By Jesse Sannicandro
Assistant News Editor
What is your educational background and work history?
I actually studied two different areas. I studied fashion design until my master’s program in Korea. I finished my M.A. and undergraduate in Korea in fashion design. … When I came here, I was thinking of a Ph.D. in fashion design, but somehow, I changed my career to theatrical costume design. [I got my] M.F.A. at the University of Oklahoma. … I’ve been teaching fashion for nine years here. … I used to work as a costume designer. So, I worked in New York for my internship as … an assistant designer for Willa Kim. She was a very famous designer on Broadway. And also, I worked for the Santa Fe Opera House when I was in theater.
What drew you to the field of fashion design?
I took a lot of science classes in high school, so I was going to be a pharmacist or some kind of scientist. … A lot of people think that design is just drawing, but it’s not. And there is a lot of scientific aspects you must have as a designer. … And also, I heard I’m kind of creative … I didn’t know I actually could draw. But, when I started in a graduate program, I found out I can draw. So, it is a kind of expression of what I feel and what I think. That is the beauty of design and creating.
What can you tell me about some of the fashion shows that students participate in on campus?
Trashion Show, as you know … [uses] recycled materials, and also, my students are involved with Make It Work. Make It Work is one day students have to get together from 9 to 5 p.m. They have to make us something – they have to make a garment in one day, and material is given by our school. … That is a competition on campus. And also … Bond fashion show. … That is in Boston. … We used professional models. And actually, Cornelius and Nathalia, who were in “Project Runway.” They actually attended the fashion show, too. And also, Fashion Show, obviously. Once a year, we have that big fashion show.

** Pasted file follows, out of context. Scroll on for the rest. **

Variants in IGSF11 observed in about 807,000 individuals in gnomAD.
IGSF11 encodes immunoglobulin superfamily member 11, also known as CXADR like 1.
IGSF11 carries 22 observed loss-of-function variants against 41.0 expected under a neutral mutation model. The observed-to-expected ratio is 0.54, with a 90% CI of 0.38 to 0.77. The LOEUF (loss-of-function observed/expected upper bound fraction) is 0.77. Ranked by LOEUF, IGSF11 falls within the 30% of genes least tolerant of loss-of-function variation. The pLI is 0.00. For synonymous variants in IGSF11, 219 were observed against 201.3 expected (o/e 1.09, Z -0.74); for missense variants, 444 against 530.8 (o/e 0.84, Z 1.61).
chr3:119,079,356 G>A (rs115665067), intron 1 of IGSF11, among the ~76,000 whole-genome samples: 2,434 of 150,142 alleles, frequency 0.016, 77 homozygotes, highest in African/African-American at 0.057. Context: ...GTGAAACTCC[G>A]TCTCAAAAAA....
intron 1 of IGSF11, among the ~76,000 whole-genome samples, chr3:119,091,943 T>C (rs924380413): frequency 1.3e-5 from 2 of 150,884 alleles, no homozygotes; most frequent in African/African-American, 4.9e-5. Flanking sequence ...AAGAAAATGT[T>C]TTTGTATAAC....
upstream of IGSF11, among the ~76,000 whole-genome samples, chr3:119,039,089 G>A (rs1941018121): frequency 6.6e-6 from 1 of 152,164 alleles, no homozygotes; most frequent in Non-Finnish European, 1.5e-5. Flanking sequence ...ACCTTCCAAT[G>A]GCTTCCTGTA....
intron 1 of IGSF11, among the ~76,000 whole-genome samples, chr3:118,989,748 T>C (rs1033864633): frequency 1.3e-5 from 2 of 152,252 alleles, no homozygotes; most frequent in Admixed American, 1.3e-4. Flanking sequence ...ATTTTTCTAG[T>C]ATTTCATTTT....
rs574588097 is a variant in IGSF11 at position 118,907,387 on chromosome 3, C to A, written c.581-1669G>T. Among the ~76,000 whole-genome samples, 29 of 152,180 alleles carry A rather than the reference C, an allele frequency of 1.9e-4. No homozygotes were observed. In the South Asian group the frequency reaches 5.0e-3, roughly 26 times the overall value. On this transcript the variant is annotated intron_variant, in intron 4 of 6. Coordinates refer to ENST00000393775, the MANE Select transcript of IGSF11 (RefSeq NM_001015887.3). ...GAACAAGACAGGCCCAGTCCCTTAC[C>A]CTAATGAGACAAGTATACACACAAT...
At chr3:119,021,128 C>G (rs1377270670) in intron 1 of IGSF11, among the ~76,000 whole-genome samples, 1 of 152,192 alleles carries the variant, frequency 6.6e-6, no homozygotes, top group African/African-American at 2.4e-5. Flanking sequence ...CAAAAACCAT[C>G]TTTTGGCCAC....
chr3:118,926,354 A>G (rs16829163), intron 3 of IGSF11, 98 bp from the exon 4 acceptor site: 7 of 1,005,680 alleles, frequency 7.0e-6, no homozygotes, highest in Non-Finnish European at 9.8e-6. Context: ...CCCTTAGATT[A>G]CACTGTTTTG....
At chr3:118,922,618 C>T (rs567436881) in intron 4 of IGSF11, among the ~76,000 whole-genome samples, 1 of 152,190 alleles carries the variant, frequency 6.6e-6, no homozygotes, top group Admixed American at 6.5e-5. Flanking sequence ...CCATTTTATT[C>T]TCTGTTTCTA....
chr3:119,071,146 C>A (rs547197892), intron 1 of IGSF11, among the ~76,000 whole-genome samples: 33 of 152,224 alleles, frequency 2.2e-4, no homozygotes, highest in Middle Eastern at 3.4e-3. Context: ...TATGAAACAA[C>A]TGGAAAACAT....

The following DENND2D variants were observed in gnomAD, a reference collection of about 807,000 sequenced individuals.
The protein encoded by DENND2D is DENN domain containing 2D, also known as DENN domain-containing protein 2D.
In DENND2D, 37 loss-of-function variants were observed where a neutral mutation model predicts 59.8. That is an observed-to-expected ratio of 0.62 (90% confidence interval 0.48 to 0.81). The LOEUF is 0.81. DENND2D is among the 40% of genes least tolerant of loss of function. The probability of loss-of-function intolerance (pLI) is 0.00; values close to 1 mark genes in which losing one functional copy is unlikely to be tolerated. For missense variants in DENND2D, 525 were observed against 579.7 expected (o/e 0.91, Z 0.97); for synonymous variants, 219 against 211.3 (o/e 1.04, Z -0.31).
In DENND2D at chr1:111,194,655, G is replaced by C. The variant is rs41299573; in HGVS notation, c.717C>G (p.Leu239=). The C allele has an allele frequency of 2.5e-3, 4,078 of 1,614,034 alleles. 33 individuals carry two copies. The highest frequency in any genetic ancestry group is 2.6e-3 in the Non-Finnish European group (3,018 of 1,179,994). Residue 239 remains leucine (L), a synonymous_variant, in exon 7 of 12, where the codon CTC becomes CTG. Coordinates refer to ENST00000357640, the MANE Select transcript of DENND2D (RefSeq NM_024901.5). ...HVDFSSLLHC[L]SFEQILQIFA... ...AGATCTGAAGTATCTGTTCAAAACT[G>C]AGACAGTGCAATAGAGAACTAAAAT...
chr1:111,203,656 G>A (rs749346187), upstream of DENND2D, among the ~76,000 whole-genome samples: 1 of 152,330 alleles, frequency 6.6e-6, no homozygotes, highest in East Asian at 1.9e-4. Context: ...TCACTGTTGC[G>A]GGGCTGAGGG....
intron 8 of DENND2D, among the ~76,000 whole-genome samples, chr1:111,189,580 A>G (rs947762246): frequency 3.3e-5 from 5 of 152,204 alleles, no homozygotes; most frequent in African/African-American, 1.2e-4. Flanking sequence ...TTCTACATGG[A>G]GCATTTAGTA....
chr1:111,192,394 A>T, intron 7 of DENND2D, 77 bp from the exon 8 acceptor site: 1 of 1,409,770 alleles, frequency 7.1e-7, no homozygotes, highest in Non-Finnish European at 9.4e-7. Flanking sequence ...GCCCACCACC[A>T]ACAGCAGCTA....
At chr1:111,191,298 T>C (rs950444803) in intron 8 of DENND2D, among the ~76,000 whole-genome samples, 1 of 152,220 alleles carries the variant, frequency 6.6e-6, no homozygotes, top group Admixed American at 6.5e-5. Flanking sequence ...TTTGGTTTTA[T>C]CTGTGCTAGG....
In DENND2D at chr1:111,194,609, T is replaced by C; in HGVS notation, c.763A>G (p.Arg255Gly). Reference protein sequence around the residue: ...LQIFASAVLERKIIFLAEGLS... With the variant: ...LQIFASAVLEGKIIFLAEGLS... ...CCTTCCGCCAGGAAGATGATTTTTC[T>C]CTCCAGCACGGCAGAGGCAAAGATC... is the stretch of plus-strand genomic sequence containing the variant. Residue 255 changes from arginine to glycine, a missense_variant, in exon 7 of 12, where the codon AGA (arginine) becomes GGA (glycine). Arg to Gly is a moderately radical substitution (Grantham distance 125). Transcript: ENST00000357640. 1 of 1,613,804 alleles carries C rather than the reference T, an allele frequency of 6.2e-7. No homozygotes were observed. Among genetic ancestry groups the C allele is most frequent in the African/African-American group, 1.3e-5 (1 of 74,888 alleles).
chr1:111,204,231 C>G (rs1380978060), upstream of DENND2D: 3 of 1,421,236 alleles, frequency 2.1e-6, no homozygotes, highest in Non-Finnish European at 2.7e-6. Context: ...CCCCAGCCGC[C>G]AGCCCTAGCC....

How do you feel about FSU alums being involved in “Project Runway?”
I’ve been here eight years, so I’ve known them for a long time. … Whenever [students] have a question, they can really approach us easily, because we have such a small group. I shouldn’t say a small group, but 15 students are a handful anyway. But still, it’s really manageable, and I approach them individually easier and better. … Cornelius and Nathalia … I had had them since they were freshmen. So I totally remembered them from their freshman, sophomore, junior, senior years. They grew really a lot from freshman to senior year, because really the biggest benefit of our program is we can have a really close relationship with the students easily. And also, the individual teaching is really easy in this kind of environment. It is a really big thing.
What is something that you think your students would be surprised to learn about you?
I think I show almost every aspect of who I am to students already. But I’m very … strict and funny. I’m a very strict teacher here. I think that is not surprising anymore.
What kind of books do you read?
I usually read Korean books. … I’ve read a lot of Christian books. I’m actually Christian.
What advice do you have for Framingham State students?
Grow up. Be responsible about what they are doing and be more like a professional even – as a student. I always tell my students, in a classroom setting to be responsible about what they are doing. … I came from Korea. A lot of students are very punctual. Be on time. So, I want my students to be responsible about what they are doing instead of pointing at other people.